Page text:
In sum, kojic acid is excellent as a treatment ingredient for hyperpigmentation but also has these secondary benefits too.
What Are The Side Effects?
The most common drawback associated with using kojic acid in your skincare is irritation, especially when you have sensitive skin. Kojic acid can cause redness and sensitivity.
And according to the research, these side effects are more common when kojic acid is used in concentrations above 1% (5). But most over-the-counter kojic acid skin care products are usually made with 1%.
And also, there are esters of kojic acid too, which tend to be gentler on the skin. In sum, patch test if you have sensitive skin. Go ahead and do it anyway even if you don’t have sensitive skin.
But I’d like to point out something else here. Didn’t we say that kojic acid is gentler? Then why does it irritate? Well, apparently, kojic acid was tested frequently against hydroquinone and not necessarily other brighteners.
And when you compare something with hydroquinone, the other party usually ends up being gentler. This means that while kojic acid is a great alternative for anyone who’s had it with hydroquinone, it still carries the potential for irritation for the rest of us.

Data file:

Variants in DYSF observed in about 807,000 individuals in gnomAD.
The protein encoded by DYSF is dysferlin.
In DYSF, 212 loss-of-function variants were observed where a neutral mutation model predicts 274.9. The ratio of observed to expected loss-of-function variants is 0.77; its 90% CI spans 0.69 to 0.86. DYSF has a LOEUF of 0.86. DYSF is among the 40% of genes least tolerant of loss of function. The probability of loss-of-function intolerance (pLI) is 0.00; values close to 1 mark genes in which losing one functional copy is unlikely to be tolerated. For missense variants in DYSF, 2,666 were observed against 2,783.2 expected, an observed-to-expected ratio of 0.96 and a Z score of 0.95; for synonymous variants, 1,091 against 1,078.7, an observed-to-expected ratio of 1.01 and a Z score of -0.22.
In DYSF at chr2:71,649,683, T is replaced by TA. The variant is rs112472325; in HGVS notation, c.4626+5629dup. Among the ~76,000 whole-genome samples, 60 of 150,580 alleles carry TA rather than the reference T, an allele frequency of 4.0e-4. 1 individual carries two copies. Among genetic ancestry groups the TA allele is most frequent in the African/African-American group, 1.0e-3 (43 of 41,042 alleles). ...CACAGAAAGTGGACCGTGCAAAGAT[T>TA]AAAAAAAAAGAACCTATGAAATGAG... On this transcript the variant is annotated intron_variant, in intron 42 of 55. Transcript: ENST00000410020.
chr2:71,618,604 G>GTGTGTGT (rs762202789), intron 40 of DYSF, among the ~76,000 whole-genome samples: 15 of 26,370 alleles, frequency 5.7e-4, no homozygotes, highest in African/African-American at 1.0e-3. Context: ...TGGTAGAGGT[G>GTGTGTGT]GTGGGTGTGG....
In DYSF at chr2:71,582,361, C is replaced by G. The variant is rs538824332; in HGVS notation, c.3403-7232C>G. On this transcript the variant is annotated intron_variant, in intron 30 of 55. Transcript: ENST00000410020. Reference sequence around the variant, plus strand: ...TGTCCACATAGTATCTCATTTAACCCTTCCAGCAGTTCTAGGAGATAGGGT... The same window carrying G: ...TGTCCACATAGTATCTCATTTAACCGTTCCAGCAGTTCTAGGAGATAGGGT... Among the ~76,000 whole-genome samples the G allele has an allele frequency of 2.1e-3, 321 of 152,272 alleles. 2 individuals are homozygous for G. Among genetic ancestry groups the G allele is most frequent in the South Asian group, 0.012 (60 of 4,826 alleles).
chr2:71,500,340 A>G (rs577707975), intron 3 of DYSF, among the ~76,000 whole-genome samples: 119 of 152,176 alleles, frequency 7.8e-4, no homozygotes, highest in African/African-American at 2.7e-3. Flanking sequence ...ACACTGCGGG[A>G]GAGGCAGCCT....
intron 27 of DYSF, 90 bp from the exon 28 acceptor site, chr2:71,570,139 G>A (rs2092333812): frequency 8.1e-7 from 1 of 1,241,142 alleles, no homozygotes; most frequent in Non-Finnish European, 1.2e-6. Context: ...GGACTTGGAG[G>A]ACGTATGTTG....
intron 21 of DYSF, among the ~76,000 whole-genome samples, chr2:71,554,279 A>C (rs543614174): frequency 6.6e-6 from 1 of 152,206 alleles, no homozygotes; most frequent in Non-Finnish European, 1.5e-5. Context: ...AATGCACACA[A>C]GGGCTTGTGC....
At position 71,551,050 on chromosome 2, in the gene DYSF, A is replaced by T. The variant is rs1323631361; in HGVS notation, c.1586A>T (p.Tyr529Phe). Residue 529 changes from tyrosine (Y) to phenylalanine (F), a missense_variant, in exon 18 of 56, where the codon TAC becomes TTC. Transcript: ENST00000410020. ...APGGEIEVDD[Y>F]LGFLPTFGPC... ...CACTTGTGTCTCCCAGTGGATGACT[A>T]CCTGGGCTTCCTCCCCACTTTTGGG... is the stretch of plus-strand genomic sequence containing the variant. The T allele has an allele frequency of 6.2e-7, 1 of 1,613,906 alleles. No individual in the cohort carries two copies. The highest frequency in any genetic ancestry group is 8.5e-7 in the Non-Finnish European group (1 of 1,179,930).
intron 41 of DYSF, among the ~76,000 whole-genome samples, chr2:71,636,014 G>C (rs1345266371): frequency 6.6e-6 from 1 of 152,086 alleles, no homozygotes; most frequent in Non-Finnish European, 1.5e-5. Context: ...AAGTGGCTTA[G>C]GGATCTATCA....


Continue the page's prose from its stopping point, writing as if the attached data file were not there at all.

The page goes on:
What Do Dermatologists Think About Kojic Acid?
It’s one thing when you use a certain ingredient in your skincare or you do your research. But things might change a bit when it comes to the daily practical use of these ingredients.
For that reason, I referred to two of my favorite dermatologists from around the world whose articles and videos I find genuinely helpful. I know you’ll recognize them too. So here’s what dermatologists think about kojic acid.
Dr. Alexis Stephens is a board-certified dermatologist and the founder of Parkland Dermatology & Cosmetic Surgery in Florida, U.S.A. She says that while kojic acid can help get rid of hyperpigmentation, it can also cause irritation. She suggests patch testing, starting slow, and using no more than 1%-2% (6).
Dr. Davin Lim is an award-winning, lead dermatologist in Cutis Dermatology in Brisbane, Australia. He says he likes to use kojic acid for pigmentation, and even for freckles because apparently, it helps with freckles a little bit too (7).
As you can gather, there’s not really a gap between what they say about kojic acid in literature and what practicing dermatologists think about it. I say that’s a win for us!